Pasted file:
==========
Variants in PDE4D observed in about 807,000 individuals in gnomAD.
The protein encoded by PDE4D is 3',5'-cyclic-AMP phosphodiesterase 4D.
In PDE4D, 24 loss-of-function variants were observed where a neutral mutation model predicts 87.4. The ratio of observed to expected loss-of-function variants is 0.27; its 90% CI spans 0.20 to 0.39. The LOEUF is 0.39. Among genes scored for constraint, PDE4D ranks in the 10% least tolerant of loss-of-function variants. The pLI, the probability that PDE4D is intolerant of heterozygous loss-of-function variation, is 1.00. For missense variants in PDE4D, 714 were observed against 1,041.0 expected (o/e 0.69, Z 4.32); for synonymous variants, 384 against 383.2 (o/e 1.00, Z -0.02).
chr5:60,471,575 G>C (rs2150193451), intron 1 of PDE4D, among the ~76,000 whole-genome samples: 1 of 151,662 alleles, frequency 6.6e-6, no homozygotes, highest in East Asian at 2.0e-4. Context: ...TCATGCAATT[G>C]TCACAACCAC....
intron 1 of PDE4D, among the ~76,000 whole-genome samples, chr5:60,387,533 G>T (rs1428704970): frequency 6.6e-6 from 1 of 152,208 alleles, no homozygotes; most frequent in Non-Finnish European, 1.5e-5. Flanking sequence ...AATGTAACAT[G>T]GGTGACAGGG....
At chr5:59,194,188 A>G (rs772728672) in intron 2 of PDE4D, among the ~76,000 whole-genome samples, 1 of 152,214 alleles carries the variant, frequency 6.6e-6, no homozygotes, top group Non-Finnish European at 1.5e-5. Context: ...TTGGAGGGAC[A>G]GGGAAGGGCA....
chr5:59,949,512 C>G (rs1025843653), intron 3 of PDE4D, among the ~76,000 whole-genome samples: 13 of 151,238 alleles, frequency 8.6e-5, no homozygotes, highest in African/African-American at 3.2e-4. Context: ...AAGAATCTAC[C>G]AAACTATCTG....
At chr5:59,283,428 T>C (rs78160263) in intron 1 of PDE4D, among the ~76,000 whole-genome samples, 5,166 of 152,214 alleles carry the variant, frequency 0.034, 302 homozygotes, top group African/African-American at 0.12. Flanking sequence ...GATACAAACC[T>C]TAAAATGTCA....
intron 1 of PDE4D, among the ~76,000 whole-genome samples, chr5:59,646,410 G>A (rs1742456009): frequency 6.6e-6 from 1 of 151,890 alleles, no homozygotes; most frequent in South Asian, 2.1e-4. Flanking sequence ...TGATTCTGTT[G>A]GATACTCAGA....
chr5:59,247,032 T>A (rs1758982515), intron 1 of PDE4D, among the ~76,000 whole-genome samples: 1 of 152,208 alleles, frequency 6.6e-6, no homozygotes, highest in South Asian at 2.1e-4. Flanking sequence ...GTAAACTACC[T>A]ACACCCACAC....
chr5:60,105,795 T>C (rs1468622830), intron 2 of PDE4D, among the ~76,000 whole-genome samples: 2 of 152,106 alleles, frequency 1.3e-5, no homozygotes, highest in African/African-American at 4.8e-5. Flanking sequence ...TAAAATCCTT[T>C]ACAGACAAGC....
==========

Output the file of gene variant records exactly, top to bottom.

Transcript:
Variants in PDE4D observed in about 807,000 individuals in gnomAD.
The protein encoded by PDE4D is 3',5'-cyclic-AMP phosphodiesterase 4D.
In PDE4D, 24 loss-of-function variants were observed where a neutral mutation model predicts 87.4. The ratio of observed to expected loss-of-function variants is 0.27; its 90% CI spans 0.20 to 0.39. The LOEUF is 0.39. Among genes scored for constraint, PDE4D ranks in the 10% least tolerant of loss-of-function variants. The pLI, the probability that PDE4D is intolerant of heterozygous loss-of-function variation, is 1.00. For missense variants in PDE4D, 714 were observed against 1,041.0 expected (o/e 0.69, Z 4.32); for synonymous variants, 384 against 383.2 (o/e 1.00, Z -0.02).
chr5:60,471,575 G>C (rs2150193451), intron 1 of PDE4D, among the ~76,000 whole-genome samples: 1 of 151,662 alleles, frequency 6.6e-6, no homozygotes, highest in East Asian at 2.0e-4. Context: ...TCATGCAATT[G>C]TCACAACCAC....
intron 1 of PDE4D, among the ~76,000 whole-genome samples, chr5:60,387,533 G>T (rs1428704970): frequency 6.6e-6 from 1 of 152,208 alleles, no homozygotes; most frequent in Non-Finnish European, 1.5e-5. Flanking sequence ...AATGTAACAT[G>T]GGTGACAGGG....
At chr5:59,194,188 A>G (rs772728672) in intron 2 of PDE4D, among the ~76,000 whole-genome samples, 1 of 152,214 alleles carries the variant, frequency 6.6e-6, no homozygotes, top group Non-Finnish European at 1.5e-5. Context: ...TTGGAGGGAC[A>G]GGGAAGGGCA....
chr5:59,949,512 C>G (rs1025843653), intron 3 of PDE4D, among the ~76,000 whole-genome samples: 13 of 151,238 alleles, frequency 8.6e-5, no homozygotes, highest in African/African-American at 3.2e-4. Context: ...AAGAATCTAC[C>G]AAACTATCTG....
At chr5:59,283,428 T>C (rs78160263) in intron 1 of PDE4D, among the ~76,000 whole-genome samples, 5,166 of 152,214 alleles carry the variant, frequency 0.034, 302 homozygotes, top group African/African-American at 0.12. Flanking sequence ...GATACAAACC[T>C]TAAAATGTCA....
intron 1 of PDE4D, among the ~76,000 whole-genome samples, chr5:59,646,410 G>A (rs1742456009): frequency 6.6e-6 from 1 of 151,890 alleles, no homozygotes; most frequent in South Asian, 2.1e-4. Flanking sequence ...TGATTCTGTT[G>A]GATACTCAGA....
chr5:59,247,032 T>A (rs1758982515), intron 1 of PDE4D, among the ~76,000 whole-genome samples: 1 of 152,208 alleles, frequency 6.6e-6, no homozygotes, highest in South Asian at 2.1e-4. Flanking sequence ...GTAAACTACC[T>A]ACACCCACAC....
chr5:60,105,795 T>C (rs1468622830), intron 2 of PDE4D, among the ~76,000 whole-genome samples: 2 of 152,106 alleles, frequency 1.3e-5, no homozygotes, highest in African/African-American at 4.8e-5. Flanking sequence ...TAAAATCCTT[T>C]ACAGACAAGC....